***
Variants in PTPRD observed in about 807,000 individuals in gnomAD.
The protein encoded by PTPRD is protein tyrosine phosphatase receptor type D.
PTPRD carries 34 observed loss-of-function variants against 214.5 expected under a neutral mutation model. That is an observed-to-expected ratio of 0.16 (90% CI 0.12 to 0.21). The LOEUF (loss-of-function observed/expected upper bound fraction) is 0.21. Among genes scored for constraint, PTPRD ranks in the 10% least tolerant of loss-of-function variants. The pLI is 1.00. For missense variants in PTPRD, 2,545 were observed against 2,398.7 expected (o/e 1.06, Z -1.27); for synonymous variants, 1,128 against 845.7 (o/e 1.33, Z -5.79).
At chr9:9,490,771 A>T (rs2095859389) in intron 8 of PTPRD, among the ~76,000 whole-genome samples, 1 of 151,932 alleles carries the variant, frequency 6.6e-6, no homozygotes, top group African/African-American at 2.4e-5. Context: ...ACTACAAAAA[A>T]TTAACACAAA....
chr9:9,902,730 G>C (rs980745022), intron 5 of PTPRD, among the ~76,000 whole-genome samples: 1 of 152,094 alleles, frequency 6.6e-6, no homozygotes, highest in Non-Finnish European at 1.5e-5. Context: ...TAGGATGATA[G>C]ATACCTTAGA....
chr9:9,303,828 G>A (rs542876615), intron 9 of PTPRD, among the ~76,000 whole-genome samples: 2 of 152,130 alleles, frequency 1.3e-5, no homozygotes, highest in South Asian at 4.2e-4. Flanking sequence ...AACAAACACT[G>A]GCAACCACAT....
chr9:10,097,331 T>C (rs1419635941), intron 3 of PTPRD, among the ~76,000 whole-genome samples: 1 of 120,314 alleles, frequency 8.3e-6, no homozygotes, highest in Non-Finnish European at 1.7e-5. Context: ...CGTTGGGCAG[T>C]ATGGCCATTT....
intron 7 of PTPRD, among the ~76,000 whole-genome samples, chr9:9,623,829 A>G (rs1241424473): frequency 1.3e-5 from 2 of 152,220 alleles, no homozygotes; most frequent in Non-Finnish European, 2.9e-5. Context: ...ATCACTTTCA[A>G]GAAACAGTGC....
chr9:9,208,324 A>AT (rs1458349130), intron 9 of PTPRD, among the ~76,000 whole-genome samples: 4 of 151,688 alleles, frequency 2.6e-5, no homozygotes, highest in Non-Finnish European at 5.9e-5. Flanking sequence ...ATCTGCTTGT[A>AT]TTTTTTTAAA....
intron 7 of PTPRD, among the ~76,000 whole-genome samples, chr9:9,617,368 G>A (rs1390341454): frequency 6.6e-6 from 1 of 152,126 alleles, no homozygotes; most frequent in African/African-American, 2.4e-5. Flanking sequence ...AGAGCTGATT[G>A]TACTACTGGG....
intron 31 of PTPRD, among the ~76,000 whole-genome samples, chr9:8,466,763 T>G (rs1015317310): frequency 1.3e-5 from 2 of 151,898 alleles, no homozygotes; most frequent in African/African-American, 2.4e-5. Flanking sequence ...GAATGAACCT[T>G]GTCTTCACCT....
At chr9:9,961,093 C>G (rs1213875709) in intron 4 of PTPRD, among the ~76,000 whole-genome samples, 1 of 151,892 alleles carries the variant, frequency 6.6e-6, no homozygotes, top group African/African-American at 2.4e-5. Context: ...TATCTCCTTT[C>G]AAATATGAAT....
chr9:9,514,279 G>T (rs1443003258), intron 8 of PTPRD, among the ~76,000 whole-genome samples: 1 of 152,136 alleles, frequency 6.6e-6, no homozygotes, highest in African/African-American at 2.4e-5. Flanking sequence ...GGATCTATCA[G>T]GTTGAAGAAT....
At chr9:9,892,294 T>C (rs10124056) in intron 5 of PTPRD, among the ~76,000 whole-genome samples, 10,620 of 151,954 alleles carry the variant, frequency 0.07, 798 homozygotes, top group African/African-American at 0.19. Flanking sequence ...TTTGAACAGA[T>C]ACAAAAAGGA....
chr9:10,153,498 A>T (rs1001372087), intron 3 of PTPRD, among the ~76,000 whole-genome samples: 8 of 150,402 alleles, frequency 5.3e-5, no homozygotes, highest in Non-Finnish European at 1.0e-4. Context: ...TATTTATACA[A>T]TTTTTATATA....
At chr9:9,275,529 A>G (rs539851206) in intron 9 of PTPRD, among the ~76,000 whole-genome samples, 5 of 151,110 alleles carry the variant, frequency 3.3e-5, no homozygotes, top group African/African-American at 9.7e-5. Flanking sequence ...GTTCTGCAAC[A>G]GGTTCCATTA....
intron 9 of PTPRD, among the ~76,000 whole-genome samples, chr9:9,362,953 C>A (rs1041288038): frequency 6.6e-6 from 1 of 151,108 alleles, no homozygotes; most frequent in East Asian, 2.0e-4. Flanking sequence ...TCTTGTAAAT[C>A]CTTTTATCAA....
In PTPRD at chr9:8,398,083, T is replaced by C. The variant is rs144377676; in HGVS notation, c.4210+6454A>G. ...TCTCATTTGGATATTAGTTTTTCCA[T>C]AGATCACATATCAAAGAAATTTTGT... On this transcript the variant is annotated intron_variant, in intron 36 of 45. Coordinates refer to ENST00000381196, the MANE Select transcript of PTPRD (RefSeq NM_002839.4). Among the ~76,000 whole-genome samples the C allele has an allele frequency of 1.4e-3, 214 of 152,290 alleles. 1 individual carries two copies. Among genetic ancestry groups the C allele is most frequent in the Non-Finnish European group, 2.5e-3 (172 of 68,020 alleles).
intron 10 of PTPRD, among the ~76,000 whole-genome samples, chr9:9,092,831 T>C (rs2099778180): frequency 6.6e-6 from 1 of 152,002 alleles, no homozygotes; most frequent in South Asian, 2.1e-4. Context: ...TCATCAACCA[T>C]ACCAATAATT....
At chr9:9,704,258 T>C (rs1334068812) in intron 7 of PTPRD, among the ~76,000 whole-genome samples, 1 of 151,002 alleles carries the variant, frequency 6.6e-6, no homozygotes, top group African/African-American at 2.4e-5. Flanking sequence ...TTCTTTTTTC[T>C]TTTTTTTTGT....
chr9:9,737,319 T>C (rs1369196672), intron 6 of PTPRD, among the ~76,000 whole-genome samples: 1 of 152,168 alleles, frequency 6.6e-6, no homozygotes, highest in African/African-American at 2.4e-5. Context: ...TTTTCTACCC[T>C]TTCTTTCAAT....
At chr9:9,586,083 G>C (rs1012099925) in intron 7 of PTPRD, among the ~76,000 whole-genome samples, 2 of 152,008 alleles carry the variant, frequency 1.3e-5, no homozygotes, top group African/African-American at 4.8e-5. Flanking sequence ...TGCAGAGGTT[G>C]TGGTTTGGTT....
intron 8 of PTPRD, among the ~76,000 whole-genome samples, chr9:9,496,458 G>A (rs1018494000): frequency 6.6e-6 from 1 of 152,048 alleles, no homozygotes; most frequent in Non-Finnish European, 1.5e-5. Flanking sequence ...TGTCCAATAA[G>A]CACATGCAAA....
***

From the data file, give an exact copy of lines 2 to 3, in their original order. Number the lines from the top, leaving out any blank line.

The protein encoded by PTPRD is protein tyrosine phosphatase receptor type D.
PTPRD carries 34 observed loss-of-function variants against 214.5 expected under a neutral mutation model. That is an observed-to-expected ratio of 0.16 (90% CI 0.12 to 0.21). The LOEUF (loss-of-function observed/expected upper bound fraction) is 0.21. Among genes scored for constraint, PTPRD ranks in the 10% least tolerant of loss-of-function variants. The pLI is 1.00. For missense variants in PTPRD, 2,545 were observed against 2,398.7 expected (o/e 1.06, Z -1.27); for synonymous variants, 1,128 against 845.7 (o/e 1.33, Z -5.79).